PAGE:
In severe cases, haemorrhoids may lead to bowel incontinence.

Problems with the sphincter muscles

The sphincter muscles at the bottom of the rectum control the bowel. Bowel incontinence happens if these muscles become weakened or damaged.

Childbirth is a common cause of damage to the sphincter muscles and a leading cause of bowel incontinence. During a vaginal birth, the sphincter muscles can become stretched and damaged, particularly as a result of a forceps delivery. Other causes include a large baby, the baby being born with the back of their head facing the mother's back (occipitoposterior position) and a long labour.

Sphincter muscles can also become damaged through injury, or damage from bowel or rectal surgery.

Nerve damage

Bowel incontinence can also be caused by a problem with the nerves connecting the brain and the rectum. A nerve problem can mean your body is unaware of stools in your rectum, and may make it difficult for you to control your sphincter muscles.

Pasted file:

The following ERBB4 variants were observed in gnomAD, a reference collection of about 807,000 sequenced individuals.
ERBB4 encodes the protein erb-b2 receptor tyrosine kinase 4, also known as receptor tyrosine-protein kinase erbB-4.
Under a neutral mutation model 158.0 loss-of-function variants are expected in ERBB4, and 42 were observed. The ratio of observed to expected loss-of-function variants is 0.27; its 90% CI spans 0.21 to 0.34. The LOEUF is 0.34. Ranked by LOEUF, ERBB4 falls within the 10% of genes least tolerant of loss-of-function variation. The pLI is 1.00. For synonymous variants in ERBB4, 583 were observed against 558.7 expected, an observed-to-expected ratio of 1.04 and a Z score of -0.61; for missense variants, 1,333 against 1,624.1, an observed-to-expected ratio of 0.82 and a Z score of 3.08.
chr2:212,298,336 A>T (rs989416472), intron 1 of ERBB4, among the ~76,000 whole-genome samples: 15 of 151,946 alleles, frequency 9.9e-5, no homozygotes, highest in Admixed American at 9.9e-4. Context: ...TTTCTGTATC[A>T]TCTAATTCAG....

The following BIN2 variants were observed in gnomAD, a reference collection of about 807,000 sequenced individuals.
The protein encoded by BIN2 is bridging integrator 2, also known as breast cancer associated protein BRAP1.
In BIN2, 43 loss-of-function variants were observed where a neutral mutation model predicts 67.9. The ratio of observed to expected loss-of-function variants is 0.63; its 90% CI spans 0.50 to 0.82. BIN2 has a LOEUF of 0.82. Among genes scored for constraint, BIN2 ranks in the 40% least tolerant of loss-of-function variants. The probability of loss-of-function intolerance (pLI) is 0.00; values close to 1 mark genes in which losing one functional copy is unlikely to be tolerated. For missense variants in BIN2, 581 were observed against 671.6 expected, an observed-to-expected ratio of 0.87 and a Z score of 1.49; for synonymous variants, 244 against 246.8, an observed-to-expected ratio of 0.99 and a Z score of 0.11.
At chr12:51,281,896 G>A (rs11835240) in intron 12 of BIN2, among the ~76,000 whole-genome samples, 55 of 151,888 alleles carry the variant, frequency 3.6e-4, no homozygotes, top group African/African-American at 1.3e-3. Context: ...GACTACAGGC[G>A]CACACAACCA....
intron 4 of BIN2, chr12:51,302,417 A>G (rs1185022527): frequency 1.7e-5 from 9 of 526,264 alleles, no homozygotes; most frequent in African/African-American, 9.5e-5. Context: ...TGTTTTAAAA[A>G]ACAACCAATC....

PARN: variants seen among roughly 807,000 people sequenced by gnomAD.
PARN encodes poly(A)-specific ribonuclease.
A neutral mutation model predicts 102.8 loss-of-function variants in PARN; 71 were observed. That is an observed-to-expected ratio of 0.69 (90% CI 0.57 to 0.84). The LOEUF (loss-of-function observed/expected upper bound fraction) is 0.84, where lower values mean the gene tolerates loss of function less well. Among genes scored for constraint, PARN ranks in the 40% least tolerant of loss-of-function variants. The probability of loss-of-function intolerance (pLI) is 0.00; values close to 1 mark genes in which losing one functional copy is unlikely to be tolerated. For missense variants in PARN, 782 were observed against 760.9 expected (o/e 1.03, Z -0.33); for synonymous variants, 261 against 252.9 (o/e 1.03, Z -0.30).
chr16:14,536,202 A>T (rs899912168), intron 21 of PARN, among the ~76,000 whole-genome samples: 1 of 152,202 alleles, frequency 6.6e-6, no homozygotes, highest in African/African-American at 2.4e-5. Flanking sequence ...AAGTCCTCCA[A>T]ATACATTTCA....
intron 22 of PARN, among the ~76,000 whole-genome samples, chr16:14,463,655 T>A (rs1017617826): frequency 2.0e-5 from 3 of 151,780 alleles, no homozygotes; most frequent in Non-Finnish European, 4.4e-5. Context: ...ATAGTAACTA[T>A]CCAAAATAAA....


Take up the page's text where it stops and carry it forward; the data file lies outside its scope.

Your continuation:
Damage to these nerves is related to a number of conditions, including:

An injury to these nerves, such as a spinal injury, can also lead to bowel incontinence.

Other health conditions

In some cases, bowel incontinence may result from a health condition such as dementia or a severe learning disability that causes the person to lose bowel control.

A physical disability can also make it difficult to get to the toilet in time.



Diagnosing bowel incontinence

Your GP will begin by asking you about the pattern of your symptoms and other related issues, such as your diet.

You may find this embarrassing, but it's important to answer as honestly and fully as you can to make sure you receive the most suitable treatment. Let your doctor know about:

  • any changes in your bowel habits lasting for more than a few weeks
  • rectal bleeding
  • stomach pains
  • any changes to your diet
  • any medication you're taking

Your GP will usually carry out a physical examination. They'll look at your anus and the surrounding area to check for damage and carry out a rectal examination, inserting a gloved finger into your bottom.

A rectal examination will show whether constipation is the cause, and check for any tumours in your rectum. Your GP may ask you to squeeze your rectum around their finger to assess how well the muscles in your anus are working.

Depending on the results, your GP may refer you for further tests.